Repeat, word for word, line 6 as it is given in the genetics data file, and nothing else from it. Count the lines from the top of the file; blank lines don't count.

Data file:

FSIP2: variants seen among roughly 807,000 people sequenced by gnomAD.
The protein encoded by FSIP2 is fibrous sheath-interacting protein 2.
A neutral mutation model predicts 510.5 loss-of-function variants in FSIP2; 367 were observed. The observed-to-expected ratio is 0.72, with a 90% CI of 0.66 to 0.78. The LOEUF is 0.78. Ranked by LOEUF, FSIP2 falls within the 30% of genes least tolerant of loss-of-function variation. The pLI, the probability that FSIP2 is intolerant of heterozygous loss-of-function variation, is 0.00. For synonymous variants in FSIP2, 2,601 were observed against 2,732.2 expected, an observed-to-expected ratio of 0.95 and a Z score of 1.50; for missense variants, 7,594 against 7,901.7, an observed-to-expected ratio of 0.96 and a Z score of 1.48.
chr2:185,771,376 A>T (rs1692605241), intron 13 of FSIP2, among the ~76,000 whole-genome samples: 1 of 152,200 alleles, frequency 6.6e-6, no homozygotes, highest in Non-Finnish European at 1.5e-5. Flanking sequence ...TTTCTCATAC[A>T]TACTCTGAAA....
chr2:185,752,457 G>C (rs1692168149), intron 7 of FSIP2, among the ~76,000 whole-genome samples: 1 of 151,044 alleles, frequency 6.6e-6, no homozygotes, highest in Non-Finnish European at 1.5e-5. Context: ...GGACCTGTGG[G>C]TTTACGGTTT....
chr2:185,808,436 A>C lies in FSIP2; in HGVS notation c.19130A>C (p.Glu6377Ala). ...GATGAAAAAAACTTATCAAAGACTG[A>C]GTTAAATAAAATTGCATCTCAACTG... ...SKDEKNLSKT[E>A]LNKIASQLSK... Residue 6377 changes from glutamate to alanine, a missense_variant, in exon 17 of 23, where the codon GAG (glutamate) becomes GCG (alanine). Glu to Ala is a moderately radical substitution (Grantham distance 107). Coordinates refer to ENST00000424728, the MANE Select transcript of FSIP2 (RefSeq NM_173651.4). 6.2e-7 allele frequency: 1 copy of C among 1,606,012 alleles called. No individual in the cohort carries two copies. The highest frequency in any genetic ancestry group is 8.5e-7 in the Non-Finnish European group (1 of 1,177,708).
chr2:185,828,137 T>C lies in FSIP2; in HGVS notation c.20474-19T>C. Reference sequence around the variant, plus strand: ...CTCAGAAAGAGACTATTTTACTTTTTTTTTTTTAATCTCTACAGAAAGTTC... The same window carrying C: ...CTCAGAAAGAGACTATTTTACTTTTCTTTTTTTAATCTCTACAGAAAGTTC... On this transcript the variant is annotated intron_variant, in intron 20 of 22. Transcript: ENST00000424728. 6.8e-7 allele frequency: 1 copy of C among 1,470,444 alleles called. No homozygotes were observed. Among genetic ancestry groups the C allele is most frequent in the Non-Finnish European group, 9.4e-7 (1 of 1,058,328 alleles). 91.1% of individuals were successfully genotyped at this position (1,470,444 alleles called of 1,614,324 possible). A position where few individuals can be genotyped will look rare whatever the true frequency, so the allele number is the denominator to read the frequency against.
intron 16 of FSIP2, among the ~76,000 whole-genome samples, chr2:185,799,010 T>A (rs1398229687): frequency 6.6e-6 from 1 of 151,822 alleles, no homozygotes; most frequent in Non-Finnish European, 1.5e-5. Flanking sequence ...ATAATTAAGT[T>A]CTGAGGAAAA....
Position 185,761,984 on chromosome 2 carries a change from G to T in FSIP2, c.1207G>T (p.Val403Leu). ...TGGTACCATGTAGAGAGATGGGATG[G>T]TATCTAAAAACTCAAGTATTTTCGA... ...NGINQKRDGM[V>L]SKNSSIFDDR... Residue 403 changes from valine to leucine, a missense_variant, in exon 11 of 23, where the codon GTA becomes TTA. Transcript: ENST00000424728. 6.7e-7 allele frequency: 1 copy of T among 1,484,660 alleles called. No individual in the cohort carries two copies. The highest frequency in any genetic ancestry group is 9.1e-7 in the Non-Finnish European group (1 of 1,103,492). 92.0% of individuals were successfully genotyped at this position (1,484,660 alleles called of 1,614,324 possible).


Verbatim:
chr2:185,808,436 A>C lies in FSIP2; in HGVS notation c.19130A>C (p.Glu6377Ala). ...GATGAAAAAAACTTATCAAAGACTG[A>C]GTTAAATAAAATTGCATCTCAACTG... ...SKDEKNLSKT[E>A]LNKIASQLSK... Residue 6377 changes from glutamate to alanine, a missense_variant, in exon 17 of 23, where the codon GAG (glutamate) becomes GCG (alanine). Glu to Ala is a moderately radical substitution (Grantham distance 107). Coordinates refer to ENST00000424728, the MANE Select transcript of FSIP2 (RefSeq NM_173651.4). 6.2e-7 allele frequency: 1 copy of C among 1,606,012 alleles called. No individual in the cohort carries two copies. The highest frequency in any genetic ancestry group is 8.5e-7 in the Non-Finnish European group (1 of 1,177,708).